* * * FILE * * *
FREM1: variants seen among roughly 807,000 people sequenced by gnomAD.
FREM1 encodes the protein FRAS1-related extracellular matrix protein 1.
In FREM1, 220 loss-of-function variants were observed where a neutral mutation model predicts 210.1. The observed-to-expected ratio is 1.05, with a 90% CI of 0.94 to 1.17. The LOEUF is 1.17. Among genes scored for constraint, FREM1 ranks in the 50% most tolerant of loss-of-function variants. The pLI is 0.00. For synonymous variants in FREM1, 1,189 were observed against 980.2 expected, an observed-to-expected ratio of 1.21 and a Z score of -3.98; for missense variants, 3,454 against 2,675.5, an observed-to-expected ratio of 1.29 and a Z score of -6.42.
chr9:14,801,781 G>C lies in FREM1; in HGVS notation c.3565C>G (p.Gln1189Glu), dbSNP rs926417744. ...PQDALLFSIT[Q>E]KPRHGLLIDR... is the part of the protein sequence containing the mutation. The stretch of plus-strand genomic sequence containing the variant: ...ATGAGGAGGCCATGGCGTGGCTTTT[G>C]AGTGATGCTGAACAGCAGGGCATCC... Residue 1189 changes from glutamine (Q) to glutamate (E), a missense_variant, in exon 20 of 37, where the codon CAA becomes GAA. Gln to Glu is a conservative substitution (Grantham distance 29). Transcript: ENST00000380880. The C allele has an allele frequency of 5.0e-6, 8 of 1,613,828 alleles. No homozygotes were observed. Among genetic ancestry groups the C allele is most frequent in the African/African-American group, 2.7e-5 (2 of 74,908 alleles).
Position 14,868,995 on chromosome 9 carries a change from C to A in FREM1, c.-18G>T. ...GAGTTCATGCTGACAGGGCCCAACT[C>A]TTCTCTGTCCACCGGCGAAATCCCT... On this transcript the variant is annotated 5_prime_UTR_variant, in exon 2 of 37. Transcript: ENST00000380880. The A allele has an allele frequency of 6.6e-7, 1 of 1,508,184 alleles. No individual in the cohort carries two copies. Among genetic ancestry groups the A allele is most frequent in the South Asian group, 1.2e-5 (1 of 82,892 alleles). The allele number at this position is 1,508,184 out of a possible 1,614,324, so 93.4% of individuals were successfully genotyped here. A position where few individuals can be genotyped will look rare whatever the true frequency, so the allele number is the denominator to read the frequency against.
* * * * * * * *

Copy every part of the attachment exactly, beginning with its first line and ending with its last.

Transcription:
FREM1: variants seen among roughly 807,000 people sequenced by gnomAD.
FREM1 encodes the protein FRAS1-related extracellular matrix protein 1.
In FREM1, 220 loss-of-function variants were observed where a neutral mutation model predicts 210.1. The observed-to-expected ratio is 1.05, with a 90% CI of 0.94 to 1.17. The LOEUF is 1.17. Among genes scored for constraint, FREM1 ranks in the 50% most tolerant of loss-of-function variants. The pLI is 0.00. For synonymous variants in FREM1, 1,189 were observed against 980.2 expected, an observed-to-expected ratio of 1.21 and a Z score of -3.98; for missense variants, 3,454 against 2,675.5, an observed-to-expected ratio of 1.29 and a Z score of -6.42.
chr9:14,801,781 G>C lies in FREM1; in HGVS notation c.3565C>G (p.Gln1189Glu), dbSNP rs926417744. ...PQDALLFSIT[Q>E]KPRHGLLIDR... is the part of the protein sequence containing the mutation. The stretch of plus-strand genomic sequence containing the variant: ...ATGAGGAGGCCATGGCGTGGCTTTT[G>C]AGTGATGCTGAACAGCAGGGCATCC... Residue 1189 changes from glutamine (Q) to glutamate (E), a missense_variant, in exon 20 of 37, where the codon CAA becomes GAA. Gln to Glu is a conservative substitution (Grantham distance 29). Transcript: ENST00000380880. The C allele has an allele frequency of 5.0e-6, 8 of 1,613,828 alleles. No homozygotes were observed. Among genetic ancestry groups the C allele is most frequent in the African/African-American group, 2.7e-5 (2 of 74,908 alleles).
Position 14,868,995 on chromosome 9 carries a change from C to A in FREM1, c.-18G>T. ...GAGTTCATGCTGACAGGGCCCAACT[C>A]TTCTCTGTCCACCGGCGAAATCCCT... On this transcript the variant is annotated 5_prime_UTR_variant, in exon 2 of 37. Transcript: ENST00000380880. The A allele has an allele frequency of 6.6e-7, 1 of 1,508,184 alleles. No individual in the cohort carries two copies. Among genetic ancestry groups the A allele is most frequent in the South Asian group, 1.2e-5 (1 of 82,892 alleles). The allele number at this position is 1,508,184 out of a possible 1,614,324, so 93.4% of individuals were successfully genotyped here. A position where few individuals can be genotyped will look rare whatever the true frequency, so the allele number is the denominator to read the frequency against.